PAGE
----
The unexpected way singer Skylar Grey uses her wardrobe to combat industry sexism

The unexpected way singer Skylar Grey uses her wardrobe to combat industry sexism
Source: Getty Images
Source: Getty Images

You might not know her by name just yet, but you've probably heard Skylar Grey's music.

From Eminem and Rihanna's "Love the Way You Lie" to to Dr. Dre's "I Need A Doctor" to Nicki Minaj's "Bed of Lies," the 30-year-old Grammy-nominated singer-songwriter has collaborated with many big acts.

But besides lending her voice or words to other performers, Grey also writes and records her own music. In 2013, she released her first album with Interscope records, Don't Look Down. More recently she had singles on the Fifty Shades of Grey and Suicide Squad soundtracks. And on Friday, she will release her sophomore album, Natural Causes before kicking off a 12-city tour. 

'Natural Causes'
Source: 
Interscope Records

Despite how successful she has become over the past few years, Grey has experienced her fair share of sexism — a ubiquitous, and unfortunately pervasive theme within the music industry. 

"I definitely think that it's a little bit of a different world for guys and girls to be in the music industry," Grey said in an interview. "I think that's true in any industry. Most of the women in big positions in the industry, or people that have made it, they are pretty tough, powerful women."

She continued, "When I first started in music in Los Angeles, I was 17 when I first got my record deal, I let myself get pushed around a lot. People thought they knew what was best for me creatively. I think at first it was quite a bit of a struggle."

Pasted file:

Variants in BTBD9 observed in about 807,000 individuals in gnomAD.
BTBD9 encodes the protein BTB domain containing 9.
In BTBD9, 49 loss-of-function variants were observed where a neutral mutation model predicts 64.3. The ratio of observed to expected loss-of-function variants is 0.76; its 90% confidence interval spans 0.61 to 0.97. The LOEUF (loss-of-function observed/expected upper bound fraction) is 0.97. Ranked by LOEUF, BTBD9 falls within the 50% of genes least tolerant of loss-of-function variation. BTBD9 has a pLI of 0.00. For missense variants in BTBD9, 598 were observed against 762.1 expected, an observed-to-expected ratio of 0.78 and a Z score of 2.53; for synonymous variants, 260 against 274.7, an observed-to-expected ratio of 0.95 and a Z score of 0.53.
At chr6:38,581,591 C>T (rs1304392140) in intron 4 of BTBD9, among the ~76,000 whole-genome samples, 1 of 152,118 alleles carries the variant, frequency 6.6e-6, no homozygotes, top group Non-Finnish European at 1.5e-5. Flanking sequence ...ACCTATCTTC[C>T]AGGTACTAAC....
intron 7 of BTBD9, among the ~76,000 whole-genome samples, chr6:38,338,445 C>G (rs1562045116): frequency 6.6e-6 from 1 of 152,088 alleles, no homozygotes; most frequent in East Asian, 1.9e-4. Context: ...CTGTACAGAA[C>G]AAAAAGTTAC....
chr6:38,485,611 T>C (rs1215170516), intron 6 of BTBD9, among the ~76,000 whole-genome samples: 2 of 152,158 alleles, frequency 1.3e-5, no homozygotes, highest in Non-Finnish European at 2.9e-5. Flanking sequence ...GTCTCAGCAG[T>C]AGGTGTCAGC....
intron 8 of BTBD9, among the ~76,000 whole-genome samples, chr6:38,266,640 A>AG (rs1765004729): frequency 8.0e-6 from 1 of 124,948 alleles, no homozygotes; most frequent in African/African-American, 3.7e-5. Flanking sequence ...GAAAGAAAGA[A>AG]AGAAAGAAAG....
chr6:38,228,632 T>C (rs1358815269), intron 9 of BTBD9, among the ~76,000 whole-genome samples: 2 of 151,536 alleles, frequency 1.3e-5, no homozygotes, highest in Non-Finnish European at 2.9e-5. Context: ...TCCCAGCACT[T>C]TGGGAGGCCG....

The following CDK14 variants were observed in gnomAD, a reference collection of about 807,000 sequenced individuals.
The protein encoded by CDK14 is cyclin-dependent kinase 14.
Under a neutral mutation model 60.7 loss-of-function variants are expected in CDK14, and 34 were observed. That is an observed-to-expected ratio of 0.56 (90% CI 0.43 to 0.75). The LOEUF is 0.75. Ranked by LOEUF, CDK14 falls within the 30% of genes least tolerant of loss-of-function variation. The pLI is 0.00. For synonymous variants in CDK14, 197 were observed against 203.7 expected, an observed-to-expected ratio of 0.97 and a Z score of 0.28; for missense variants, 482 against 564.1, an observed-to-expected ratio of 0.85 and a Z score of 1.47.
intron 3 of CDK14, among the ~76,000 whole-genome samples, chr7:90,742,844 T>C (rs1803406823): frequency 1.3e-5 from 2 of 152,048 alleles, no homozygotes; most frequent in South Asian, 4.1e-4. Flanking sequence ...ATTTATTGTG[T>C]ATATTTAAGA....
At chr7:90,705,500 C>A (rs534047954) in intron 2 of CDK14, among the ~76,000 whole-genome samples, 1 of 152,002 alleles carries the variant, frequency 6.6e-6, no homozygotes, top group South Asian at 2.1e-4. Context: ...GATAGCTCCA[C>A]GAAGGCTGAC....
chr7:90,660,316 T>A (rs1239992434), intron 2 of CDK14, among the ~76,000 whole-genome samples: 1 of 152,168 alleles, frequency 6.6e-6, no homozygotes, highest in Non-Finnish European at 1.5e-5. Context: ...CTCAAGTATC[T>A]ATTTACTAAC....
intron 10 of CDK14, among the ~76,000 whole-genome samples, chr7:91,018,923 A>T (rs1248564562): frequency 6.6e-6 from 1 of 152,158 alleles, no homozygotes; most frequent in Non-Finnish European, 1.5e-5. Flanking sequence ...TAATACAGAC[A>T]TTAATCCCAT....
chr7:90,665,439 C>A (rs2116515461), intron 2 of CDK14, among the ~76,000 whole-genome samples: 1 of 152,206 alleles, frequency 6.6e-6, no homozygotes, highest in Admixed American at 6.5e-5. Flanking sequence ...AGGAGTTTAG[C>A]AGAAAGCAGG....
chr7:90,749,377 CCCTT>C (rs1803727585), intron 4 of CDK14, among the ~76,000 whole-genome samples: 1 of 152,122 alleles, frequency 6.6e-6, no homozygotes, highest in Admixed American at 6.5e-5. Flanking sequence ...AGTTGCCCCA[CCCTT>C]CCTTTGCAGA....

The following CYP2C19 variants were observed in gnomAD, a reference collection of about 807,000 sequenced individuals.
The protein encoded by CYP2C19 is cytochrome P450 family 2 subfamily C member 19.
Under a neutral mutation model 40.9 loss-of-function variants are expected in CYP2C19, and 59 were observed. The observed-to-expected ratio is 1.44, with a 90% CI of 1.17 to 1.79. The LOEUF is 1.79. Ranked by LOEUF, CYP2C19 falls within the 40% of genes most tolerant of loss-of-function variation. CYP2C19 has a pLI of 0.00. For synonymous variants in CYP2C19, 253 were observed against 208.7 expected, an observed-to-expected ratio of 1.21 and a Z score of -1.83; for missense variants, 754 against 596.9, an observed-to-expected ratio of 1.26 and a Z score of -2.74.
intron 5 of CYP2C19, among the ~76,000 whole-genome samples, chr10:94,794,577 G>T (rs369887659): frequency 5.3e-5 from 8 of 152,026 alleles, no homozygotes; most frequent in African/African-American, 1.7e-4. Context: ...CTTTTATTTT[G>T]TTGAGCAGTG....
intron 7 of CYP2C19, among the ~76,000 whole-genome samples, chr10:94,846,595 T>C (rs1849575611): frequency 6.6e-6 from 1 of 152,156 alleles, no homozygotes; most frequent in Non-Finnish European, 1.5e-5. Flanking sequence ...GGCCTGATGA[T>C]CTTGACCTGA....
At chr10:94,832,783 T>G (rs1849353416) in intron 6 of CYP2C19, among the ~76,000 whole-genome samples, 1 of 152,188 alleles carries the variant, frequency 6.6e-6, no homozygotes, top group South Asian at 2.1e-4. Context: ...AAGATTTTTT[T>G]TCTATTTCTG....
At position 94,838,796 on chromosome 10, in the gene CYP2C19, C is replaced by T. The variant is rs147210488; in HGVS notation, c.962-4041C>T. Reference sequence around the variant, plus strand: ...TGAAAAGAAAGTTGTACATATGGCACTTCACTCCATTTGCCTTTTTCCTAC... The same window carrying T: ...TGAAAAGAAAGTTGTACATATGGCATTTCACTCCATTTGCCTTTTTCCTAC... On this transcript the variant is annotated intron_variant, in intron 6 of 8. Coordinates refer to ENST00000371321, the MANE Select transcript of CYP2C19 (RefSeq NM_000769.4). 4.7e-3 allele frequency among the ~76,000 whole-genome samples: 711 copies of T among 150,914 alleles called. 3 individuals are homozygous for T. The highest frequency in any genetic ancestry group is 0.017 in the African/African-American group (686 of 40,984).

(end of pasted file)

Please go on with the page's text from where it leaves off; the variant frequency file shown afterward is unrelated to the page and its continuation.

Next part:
Grey
Source: 
Mic/Getty Images

Grey says she didn't have complete creative control until she became more successful in the industry. She credits chart-topping "Love the Way You Lie" as a big turning point in her career. 

"People really started respecting me as a songwriter and taking my songs more seriously," she explained.

Something else that helped Grey? Her androgynous style. "I really love pushing the boundary of gender and it's not for any other reason than I like the way it looks," she said. "I also feel the toughness of my style, [and my tattoos] stem from [being pushed around] ... I wanted people to take me more seriously and listen to what I was saying instead of just looking at me like a weak female."

Grey
Source: 
Mic/Getty Images

Grey, who also has a clothing line called Woodrat, often shops in the male section of clothing stores. "I am really into silhouettes," she said. "I'm not so into colors or prints; I'm more into the shape of an outfit. I have so much black in my closet but all of the pieces have really interesting cuts." 

Her new album, which is exemplified by its title, is, like her style, quite dark. "Overall, the album is inspired by the fact that I really grew up a lot in the past few years," she said. "I see life totally differently now and its reflected in a lot of my songwriting. In comparison to my last album, it's darker but it's also more mature."  

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One of her new songs on the album, "Come Up for Air" was produced by Eminem. And Grey, for the first time, raps on tracks "Lemonade" and "Picture Perfect." The latter is her favorite off of Natural Causes

"It's the sound I've been striving for for years that I've finally accomplished," she said, all thanks to a closet filled with black clothes, tough demeanor and, well, incredible talent.

How much do you trust the information in this article?

Hayley Wilbur

Hayley is a staff writer at Mic, covering style. Say hi: hayley@mic.com.

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